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I was sitting outside, eating my lunch the other day, and a small bus (you know, one of the short ones) pulled up to the sandwich shop I was eating at. I noticed that the driver got out of the bus, ordered her food and waited for the roughly 10 minutes until the she received her sandwich and then proceeded back to the bus and ate her sandwich, all the while the bus was still idling the entire time!

My natural assumption is that this is a HUGE waste of gas, and thus prompted the thought "Why?!". So my question is this, are there any distinct advantages to idling a vehicle over shutting it off, and then starting it back up again? If so, is there a general 'time limit' for idling the vehicle?

  • Idling the car/bus probably pollutes the air more than it wastes gas. – Dude318is May 24 '11 at 17:19
  • Diesel engines are very efficient at idle. – Jay Bazuzi Sep 15 '11 at 5:22
  • @JayBazuzi an engine that is off is more efficient than any running engine. Just whether the cost of startup is more or less than the cost of idling for that time. – Criggie Oct 11 '16 at 10:01
  • @kronos I once was on a public bus and the driver changed. The departing driver stopped the motor, and when the new driver arrived he had to get on the radio to figure out how to start it! – Criggie Oct 11 '16 at 10:03
7

Assuming the bus has a diesel motor, the answer is yes. As an old German Mercedes mechanic told me, "with a gas engine, the primary contributor to wear is hours of operation but with a diesel it is the number of times it is started".

What that really means is not the number of times you engage the starter motor but the number of times the motor is heat cycled. To support that idea, when I lived in Olympia, Washington there was a diesel logomotive that was used for moving cars in a small switch yard. I seldom saw the locomotive in use but it just sat there at idle 24/7.

3

I think this is going to be completely personal opinion. If it is less than 40F outside, I will go out 15-20 minutes before i need to leave in the mornings and let my truck idle, to warm up the block but also to warm up the cab so I'm not freezing while driving. When the summer rolls around and its over 110F and I will not be out of the truck for more than 20 minutes, I let it idle and keep the air running. Now does this waste fuel? To some I'm sure it does but it does not to me. The old diesel motors, before all this EPA crap was put on, could idle all day and all night and it wouldn't hurt the motor at all. Gas motors it isn't great to idle it, but also I have never heard of anything major happen that was solely based on idling a gas motor. But again I think its all based on personal preference. I know people that will idle their truck while they are in the grocery store for 2 hours, I also know people that turn their truck off even if their just checking their mailbox for 2 minutes.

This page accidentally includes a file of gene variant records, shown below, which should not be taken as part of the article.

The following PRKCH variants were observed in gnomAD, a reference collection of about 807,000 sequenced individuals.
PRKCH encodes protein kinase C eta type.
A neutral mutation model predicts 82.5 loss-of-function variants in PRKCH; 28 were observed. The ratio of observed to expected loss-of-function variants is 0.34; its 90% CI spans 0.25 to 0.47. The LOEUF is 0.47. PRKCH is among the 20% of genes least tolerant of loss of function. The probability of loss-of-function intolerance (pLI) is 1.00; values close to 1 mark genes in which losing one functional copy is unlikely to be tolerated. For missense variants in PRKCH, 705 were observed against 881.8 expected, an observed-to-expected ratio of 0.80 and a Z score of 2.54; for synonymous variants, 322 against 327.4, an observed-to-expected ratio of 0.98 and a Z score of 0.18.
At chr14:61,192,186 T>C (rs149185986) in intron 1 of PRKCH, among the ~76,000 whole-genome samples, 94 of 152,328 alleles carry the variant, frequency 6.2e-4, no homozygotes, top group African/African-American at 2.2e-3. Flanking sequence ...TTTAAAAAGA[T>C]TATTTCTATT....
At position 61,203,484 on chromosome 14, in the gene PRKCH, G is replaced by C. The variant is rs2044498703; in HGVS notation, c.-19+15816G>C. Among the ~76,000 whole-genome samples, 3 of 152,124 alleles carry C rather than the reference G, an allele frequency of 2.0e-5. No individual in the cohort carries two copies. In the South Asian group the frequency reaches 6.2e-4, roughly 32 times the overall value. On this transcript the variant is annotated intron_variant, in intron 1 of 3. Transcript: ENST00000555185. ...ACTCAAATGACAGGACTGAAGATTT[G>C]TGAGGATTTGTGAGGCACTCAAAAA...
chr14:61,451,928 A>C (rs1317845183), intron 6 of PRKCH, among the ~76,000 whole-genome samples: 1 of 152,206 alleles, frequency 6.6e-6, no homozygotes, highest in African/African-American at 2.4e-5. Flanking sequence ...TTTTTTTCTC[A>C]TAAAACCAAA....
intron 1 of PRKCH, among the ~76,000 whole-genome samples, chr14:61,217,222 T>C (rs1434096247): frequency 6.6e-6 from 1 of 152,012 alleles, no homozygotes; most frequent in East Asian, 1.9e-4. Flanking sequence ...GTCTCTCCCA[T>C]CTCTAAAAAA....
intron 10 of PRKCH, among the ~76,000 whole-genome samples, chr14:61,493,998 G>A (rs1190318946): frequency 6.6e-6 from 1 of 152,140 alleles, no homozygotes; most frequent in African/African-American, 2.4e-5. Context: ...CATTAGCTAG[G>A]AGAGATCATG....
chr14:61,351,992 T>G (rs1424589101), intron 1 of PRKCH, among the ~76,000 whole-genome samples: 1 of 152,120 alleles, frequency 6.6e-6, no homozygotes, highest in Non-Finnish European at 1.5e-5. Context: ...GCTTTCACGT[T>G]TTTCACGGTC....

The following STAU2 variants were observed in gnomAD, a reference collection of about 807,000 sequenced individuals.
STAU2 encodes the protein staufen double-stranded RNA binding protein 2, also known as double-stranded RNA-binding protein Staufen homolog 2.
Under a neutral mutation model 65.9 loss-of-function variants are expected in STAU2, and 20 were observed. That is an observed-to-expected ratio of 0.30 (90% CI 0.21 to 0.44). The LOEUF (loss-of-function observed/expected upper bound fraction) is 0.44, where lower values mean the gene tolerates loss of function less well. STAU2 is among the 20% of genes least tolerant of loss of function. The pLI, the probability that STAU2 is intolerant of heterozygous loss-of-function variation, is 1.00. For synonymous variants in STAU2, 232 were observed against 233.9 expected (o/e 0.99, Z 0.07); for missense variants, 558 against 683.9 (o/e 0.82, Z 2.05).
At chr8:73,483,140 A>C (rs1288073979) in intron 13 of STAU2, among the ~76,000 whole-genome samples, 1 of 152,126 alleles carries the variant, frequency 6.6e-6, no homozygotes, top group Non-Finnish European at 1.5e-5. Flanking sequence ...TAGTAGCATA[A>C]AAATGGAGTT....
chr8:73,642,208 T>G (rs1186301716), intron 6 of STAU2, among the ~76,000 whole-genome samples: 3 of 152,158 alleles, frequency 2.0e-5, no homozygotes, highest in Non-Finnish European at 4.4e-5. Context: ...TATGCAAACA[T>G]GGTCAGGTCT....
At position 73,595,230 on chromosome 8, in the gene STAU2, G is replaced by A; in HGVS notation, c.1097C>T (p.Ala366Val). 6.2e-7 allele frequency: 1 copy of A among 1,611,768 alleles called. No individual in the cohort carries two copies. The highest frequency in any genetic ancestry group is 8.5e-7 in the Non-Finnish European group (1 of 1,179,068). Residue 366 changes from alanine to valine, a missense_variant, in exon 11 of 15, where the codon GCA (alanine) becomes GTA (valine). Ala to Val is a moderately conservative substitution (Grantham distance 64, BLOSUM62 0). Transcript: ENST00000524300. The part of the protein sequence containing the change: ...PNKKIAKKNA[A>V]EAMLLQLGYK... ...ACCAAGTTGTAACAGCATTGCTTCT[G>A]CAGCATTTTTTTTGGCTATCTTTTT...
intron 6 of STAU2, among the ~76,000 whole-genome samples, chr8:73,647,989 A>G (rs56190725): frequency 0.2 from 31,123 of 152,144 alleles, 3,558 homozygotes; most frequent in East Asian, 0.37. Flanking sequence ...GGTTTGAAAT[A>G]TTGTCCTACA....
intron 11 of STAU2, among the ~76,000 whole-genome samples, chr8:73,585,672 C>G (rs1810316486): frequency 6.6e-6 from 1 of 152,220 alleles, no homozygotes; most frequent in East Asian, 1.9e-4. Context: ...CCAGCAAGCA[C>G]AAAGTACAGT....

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    Letting your engine warm up this way in the winter WILL destroy your engine! You don't have enough oil pressure for lubrication which greatly increases wear, the different metals in the cilinder head will expand unevenly leading to a destroyed headgasket and a bend head, your oil will degrade far sooner than expected, the exhaust gas flow will be insufficient to clean the valves leading to damaged valves and valve seats, etc. etc. The problem is, this won't happen right away but gradually over time and you'll most likely sell the truck to someone else who'll have many engine problems. – Alex May 25 '11 at 6:16
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    I don't understand, when I fire up the truck the oil pressure is the same as when i'm driving the truck, the only thing that changes when I'm driving is the coolant temp. – Zencyl Jun 8 '11 at 21:11
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Remember that there may have been other specifics in this case that made it a special case. Maybe the battery had just been replaced or discharged and had to be jump started, and so they were trying to build up a charge? Maybe that particular bus was having mechanical issues that caused it to sometimes be particularly hard to start? Maybe they needed to warm the engine up for a oil change or emissions test?

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I just read at the Environmental Defense Fund site that idling 10 seconds wastes more gas and is harder on the engine than turning off and restarting. Specifically, for BOTH gas and diesel vehicles.

Plus that exhaust increases the risk for you and the community, for bronchitis, heart disease, cancer - and specially asthma in kids.

Not to mention, the petroleum industry loves how much money they make off the millions of gallons of gas American idlers waste.

And of course, some 99‰ of climate scientists agree that climate change is being caused by human behavior.

The only ones who disagree work for the petroleum industry, etc., who profit massively from said human activities.

  • Can you provide a link to that environmental defence quote? The figures I have seen are closer to 2 or 3 minutes. – Rory Alsop Nov 19 '16 at 15:49
  • I don't believe that idling is a major contributor to petroleum use or climate change. Considering that an idling engine uses below 1 liter of gasoline per hour and one typically idles for a minute or two at most, the petroleum use is minimal, and so is the amount of carbon dioxide produced. It's the driving that matters, not the idling! Oh, and about the emissions, if the idling happens after the car has warmed up, the catalytic converter eliminates practically all of those. Just don't let your car warm up by idling, that's very polluting. – juhist Nov 20 '16 at 9:25

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